<img height="1" width="1" style="display:none" src="https://www.facebook.com/tr?id=761998377238353&amp;ev=PageView&amp;noscript=1">
toggle mobile navigation
Put your financial donation to work in your community.


banner image

Emotional Intelligence

Posted by Dan Depies on August 19, 2015

Find me on:

Do you want to be a leader? Pay Attention! Inner_Outer_Attention2

Really, that is what works. Pay attention to your own self, others in your home and work life, and have open attention to the wider world. In other words, sharpen your Inner-Other-Outer Attention.

Now more than ever, employers are seeking employees who continually activate their focused attention in order to increase sales, decrease turnover, and increase innovation. The kind of attention we are talking about here is Emotional Intelligence. According to Emotional Intelligence scholar Daniel Goleman, author of Focus: The Hidden Driver of Excellence, it is a core competency for anyone striving for effectiveness and leadership. Emotionally Intelligent leaders, who see emotional information as part of professionalism, drive better business performance.


What are you currently doing to increase your self-awareness? An amazing fact about humans is that regardless of a person’s age, cultural background or work title, we all have the same feelings and the same needs. Taking time to focus what you are feeling and what is driving the manifestation of that feeling is a key practice to guide how you interact with others. More importantly, this awareness increases self-worth, confidence, and better decision making.


Do you take a brief moment to consider how your words and actions might impact another? Building on your ability to have focused self-awareness, keen attention to another person’s perspective will allow you to adjust what you say and what you do, opening up more understanding and mutual motivation. This focused attention will help you avoid the pitfalls of emotional triggers, ego-centered decisions, or periphery distractions.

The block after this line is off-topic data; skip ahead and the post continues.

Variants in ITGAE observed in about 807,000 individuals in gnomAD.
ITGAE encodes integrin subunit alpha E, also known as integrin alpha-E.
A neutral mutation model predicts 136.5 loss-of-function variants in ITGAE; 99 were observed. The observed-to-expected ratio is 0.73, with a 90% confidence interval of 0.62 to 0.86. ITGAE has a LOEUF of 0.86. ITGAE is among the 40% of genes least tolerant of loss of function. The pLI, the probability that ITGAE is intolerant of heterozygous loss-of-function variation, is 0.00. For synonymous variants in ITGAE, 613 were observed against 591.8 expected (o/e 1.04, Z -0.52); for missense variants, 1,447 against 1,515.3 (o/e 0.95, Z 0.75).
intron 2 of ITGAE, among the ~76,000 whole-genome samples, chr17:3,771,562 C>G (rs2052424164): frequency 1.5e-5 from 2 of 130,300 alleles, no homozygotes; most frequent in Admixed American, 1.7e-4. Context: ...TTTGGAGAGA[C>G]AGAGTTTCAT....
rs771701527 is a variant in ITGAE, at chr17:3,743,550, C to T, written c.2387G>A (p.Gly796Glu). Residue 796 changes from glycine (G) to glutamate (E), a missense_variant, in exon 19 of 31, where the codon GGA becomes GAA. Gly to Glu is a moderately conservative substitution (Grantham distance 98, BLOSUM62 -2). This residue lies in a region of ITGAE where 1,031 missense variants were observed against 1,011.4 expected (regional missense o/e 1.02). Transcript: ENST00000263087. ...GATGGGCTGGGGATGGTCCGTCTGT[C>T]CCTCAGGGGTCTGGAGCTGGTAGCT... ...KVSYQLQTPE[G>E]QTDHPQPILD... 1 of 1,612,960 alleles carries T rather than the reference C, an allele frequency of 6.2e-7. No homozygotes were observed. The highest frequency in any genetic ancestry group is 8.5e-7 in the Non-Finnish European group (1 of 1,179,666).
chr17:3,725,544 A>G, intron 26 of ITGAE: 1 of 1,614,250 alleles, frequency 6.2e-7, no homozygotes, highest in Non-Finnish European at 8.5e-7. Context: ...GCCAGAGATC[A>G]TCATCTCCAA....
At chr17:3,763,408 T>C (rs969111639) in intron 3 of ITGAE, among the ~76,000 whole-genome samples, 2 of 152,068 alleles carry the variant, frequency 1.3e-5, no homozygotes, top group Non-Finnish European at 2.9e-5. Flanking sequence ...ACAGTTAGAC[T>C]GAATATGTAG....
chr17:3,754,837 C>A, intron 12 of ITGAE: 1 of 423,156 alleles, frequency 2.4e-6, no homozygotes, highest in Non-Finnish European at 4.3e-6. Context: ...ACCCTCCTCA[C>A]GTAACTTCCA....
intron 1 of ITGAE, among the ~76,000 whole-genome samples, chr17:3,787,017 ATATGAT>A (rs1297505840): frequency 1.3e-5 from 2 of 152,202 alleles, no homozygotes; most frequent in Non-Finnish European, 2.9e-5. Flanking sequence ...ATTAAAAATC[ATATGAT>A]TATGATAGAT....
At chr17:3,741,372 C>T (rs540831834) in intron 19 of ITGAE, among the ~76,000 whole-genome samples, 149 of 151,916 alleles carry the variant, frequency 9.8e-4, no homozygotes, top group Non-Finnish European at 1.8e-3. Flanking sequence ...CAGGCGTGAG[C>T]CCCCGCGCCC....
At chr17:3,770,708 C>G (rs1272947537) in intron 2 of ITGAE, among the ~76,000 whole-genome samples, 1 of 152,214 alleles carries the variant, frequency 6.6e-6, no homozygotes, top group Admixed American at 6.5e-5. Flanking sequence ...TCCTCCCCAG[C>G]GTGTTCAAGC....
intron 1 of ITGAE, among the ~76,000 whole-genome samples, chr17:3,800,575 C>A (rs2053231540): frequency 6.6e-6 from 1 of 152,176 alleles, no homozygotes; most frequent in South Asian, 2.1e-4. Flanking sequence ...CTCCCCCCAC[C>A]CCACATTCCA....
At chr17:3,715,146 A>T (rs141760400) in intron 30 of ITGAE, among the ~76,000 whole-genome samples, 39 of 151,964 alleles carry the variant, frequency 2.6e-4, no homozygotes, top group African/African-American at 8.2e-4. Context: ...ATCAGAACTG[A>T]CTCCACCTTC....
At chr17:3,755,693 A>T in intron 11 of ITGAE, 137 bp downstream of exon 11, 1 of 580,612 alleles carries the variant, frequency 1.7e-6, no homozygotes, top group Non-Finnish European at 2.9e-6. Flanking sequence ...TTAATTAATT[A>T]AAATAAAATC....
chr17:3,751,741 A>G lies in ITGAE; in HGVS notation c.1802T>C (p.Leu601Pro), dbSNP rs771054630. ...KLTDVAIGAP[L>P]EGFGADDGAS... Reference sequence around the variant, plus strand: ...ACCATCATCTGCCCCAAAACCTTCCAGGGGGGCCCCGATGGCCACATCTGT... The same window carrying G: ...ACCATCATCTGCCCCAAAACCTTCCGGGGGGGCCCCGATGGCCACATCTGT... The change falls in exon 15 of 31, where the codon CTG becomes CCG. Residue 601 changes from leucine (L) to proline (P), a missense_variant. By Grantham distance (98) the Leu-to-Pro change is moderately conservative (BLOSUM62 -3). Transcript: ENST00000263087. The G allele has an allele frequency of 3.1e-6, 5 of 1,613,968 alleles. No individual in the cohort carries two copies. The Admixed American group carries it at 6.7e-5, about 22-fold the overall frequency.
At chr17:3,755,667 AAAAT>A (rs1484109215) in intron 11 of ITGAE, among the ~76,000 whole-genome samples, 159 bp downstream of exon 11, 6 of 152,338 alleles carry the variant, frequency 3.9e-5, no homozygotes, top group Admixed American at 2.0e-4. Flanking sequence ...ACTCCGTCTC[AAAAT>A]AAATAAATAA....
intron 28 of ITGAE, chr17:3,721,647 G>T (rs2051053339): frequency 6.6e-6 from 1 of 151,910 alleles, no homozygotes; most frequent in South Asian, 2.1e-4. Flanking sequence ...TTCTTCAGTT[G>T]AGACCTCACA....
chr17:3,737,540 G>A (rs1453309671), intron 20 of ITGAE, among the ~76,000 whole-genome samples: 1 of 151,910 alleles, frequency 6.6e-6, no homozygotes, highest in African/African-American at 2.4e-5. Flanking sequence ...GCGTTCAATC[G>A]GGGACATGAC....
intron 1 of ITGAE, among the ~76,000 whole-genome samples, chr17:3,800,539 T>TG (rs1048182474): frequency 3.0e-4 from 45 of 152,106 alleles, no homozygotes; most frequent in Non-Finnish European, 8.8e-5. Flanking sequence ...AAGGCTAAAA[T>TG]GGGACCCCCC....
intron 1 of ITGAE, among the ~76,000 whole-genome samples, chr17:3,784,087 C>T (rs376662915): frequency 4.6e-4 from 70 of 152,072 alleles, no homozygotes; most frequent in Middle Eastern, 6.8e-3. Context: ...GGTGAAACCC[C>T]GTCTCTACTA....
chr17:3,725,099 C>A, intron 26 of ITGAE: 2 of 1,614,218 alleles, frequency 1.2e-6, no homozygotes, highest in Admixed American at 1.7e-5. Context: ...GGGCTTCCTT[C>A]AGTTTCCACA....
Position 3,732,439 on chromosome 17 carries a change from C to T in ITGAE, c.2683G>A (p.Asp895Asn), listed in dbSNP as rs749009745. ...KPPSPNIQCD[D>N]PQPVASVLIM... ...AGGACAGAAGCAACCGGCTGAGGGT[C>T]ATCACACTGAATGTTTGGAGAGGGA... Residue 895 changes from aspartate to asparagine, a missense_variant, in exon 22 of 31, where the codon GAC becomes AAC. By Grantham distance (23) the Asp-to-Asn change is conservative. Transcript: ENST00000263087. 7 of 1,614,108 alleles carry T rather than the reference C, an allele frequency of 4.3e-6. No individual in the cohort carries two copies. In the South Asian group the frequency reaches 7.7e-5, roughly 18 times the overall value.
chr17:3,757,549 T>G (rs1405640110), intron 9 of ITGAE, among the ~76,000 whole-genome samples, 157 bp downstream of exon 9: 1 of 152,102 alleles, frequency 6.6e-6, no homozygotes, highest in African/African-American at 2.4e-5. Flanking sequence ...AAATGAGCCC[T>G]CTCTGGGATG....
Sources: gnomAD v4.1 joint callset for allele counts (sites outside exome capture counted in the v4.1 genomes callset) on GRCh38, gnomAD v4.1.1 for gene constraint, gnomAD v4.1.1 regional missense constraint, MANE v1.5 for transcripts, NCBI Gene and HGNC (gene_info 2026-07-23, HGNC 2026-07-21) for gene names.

Each day, you are gifted 24 brand new hours and the opportunity to have a positive impact on life. Take your focus and shift it outward to the world around you. What are you seeing? How are people behaving? Does someone nearby need a smile, a hand up, or for someone to hear their creative idea? This level of open listening, questioning, reflecting, and perspective gathering is referred to by Harvard psychologist Ellen Langer as “environmental mindfulness.”

Pay Attention Now!

Using these three levels of emotional intelligence will help you and your organization maximize talents and build better relationships. Business leaders are increasingly adding their voice to the choir that sings the praises of mediation as the first core step in inner-other-outer development. Gift yourself 10 minutes each day to focus on your breath, and when you notice your mind has wandered, bring it back to your breath. It works! It takes consistent practice but the rewards are rich.


Written by Julie Maloney. Julie is a Senior Educator and Instructional Developer for Workforce Development at Goodwill Industries of Southeastern Wisconsin, Inc. With a Masters in Communication from the University of Wisconsin Milwaukee and a wide variety unique life experiences, Julie works to support Goodwill’s Mission by designing trainings and curricula abundant with personal development tools to increase sustainable, professional success.

Written by Dan Depies

Dan Depies, Vice President of Workforce and Program Development oversees a large portion of Goodwill’s core mission of Transforming Lives through the Power of Work. Dan has been with Goodwill for 4 years, joining in June 2010. Previously, Dan spent 14 years in Management Consulting supporting clients in Manufacturing, Health Care, and Financial Service industries with IT systems, process, and new product launch projects. Dan is a board member of Wisconsin Business Growth Fund, is a member of Executive Agenda and the WICPA, and is an active volunteer in Boy Scouts, youth sports, and SafeKids Coalition.
Find me on:

Mission Support Center
Tel: (414) 847-4200

James O. Wright Center forWork & Training
Tel: (414) 353-6400

Metropolitan Chicago -
Tel: (312) 994-1440